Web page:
Declassified files: Major backed ban on blasphemous crucifixion sex fanstasy film

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John Major supported the banning of the only film ever to be censored in the UK under blasphemy laws, newly-released government files show.

The then prime minister felt “sufficiently strongly” about the case of Visions of Ecstasy, an erotic art-house movie about Christ, he inquired about the possibility of Britain being exempted under the European Convention on Human Rights if that proved necessary.

The controversial 18-minute video depicted Carmelite nun St Teresa’s sexual fantasies about Jesus on the cross.

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It was judged unfit for distribution by the British Board of Film Classification (BBFC) because of its treatment of a “sacred” subject.

John Major, pictured in 1994John Major, pictured in 1994
John Major, pictured in 1994

When director Nigel Wingrove applied to take the case before the European Court of Human Rights, arguing it breached his freedom of expression, Mr Major described the state of affairs as “wholly unacceptable”.

In a document dated August 1994 sent to senior government figures including the Foreign Secretary and Lord Chancellor, Mr Major writes: “I must make it clear that I would not tolerate a position which required the Government or the BBFC to grant a certificate to this film or to others of a similar type.

“This is a matter on which I feel sufficiently strongly to be prepared to consider a derogation from the European Convention on Human Rights if that were to be necessary in the final analysis.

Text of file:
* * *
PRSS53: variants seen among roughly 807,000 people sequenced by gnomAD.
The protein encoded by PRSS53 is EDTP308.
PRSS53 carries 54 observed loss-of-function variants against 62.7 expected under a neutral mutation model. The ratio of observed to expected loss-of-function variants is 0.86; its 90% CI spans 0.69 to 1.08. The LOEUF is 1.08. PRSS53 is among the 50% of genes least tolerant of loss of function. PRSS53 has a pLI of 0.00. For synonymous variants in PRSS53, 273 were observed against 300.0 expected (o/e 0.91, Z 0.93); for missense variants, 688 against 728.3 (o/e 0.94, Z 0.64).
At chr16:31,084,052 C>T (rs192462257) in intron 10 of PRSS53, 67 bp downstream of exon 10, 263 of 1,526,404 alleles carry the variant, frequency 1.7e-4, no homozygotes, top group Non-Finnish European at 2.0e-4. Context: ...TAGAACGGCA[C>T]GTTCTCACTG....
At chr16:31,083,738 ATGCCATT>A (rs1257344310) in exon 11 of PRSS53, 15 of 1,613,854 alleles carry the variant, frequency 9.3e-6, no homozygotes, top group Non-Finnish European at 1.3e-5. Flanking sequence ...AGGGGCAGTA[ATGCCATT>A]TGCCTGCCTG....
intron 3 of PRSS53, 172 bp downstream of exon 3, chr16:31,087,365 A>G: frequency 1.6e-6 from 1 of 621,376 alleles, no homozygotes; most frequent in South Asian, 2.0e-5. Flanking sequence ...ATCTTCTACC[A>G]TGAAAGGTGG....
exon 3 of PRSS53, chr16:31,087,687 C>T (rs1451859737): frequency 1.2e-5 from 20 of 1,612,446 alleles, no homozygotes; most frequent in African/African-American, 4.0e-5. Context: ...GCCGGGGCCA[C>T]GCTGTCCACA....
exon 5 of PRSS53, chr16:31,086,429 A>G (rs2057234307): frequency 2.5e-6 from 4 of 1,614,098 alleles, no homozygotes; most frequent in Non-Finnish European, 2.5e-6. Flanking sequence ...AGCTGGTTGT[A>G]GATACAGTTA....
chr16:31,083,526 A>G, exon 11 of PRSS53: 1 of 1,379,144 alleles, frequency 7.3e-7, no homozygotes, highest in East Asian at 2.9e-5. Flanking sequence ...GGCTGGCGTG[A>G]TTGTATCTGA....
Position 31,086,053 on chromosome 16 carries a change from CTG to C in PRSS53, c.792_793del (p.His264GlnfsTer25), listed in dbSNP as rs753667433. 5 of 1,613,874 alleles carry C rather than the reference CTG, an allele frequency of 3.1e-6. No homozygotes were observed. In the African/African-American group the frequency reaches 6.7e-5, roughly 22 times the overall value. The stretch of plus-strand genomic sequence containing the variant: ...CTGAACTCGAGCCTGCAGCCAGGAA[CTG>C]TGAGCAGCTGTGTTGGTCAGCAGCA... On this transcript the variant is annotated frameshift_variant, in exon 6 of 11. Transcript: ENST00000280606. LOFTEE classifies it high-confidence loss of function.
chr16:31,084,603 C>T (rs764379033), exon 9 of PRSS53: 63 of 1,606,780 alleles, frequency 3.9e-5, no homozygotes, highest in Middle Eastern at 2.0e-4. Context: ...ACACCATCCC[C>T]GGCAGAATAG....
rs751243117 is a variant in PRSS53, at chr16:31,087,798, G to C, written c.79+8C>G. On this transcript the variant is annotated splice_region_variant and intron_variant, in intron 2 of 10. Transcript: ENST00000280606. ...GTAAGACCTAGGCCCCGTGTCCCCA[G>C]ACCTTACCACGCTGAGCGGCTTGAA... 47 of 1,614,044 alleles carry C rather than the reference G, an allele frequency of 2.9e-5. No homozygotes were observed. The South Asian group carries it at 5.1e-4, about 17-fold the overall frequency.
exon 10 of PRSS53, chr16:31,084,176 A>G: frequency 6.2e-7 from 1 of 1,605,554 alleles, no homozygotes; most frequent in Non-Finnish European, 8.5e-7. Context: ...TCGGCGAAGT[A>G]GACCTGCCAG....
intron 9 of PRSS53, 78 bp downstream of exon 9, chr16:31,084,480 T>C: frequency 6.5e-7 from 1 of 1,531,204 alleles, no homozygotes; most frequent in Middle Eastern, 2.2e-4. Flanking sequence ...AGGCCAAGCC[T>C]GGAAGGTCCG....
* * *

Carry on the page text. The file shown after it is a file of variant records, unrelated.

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“I must say I find the position in which we find ourselves wholly unacceptable.”

In a reply, then Foreign Secretary Douglas Hurd warned about doing anything “likely to weaken the fabric of the convention”, adding that “we cannot, in practice, derogate from it except in cases of war or threats to the life of the nation”.

It states: “We certainly do not want to find ourselves in a situation in which Government intervention on moral issues in Britain is dictated by international organisations.

“At the same time, the European Convention on Human Rights is one of the core agreements enshrining western standards of behaviour.

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“It is particularly important as the countries of eastern Europe and the former Soviet Union undertake the task of adapting to our standards.”

However, in a surprise ruling, Britain’s blasphemy laws were backed by the European Court of Human Rights when it threw out the claim two years later.

The 1989 film, the only video ever be banned on grounds of blasphemy in the UK, was finally given an 18-rated certificate in 2012 after the common law offence of blasphemous libel was abolished in England and Wales in 2008.

The documents are part of the annual release of Cabinet Office files at the National Archives in Kew, west London.

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Also in the bundle was an admiring letter from Mr Major to the moralist and clean-up campaigner Mary Whitehouse as she retired as president of the National Viewers’ and Listeners’ Association.

It read: “Your campaign has played a crucial part in highlighting the widespread concern that we should not lower our standards of what is acceptable viewing on film, television and video; and you have been instrumental in warning of the perils if these standards fall.

“You yourself are one of the best examples of how it is possible in a free country like Britain for a private citizen with energy, initiative and commitment to carve out a distinctive and valued niche in our national life.”

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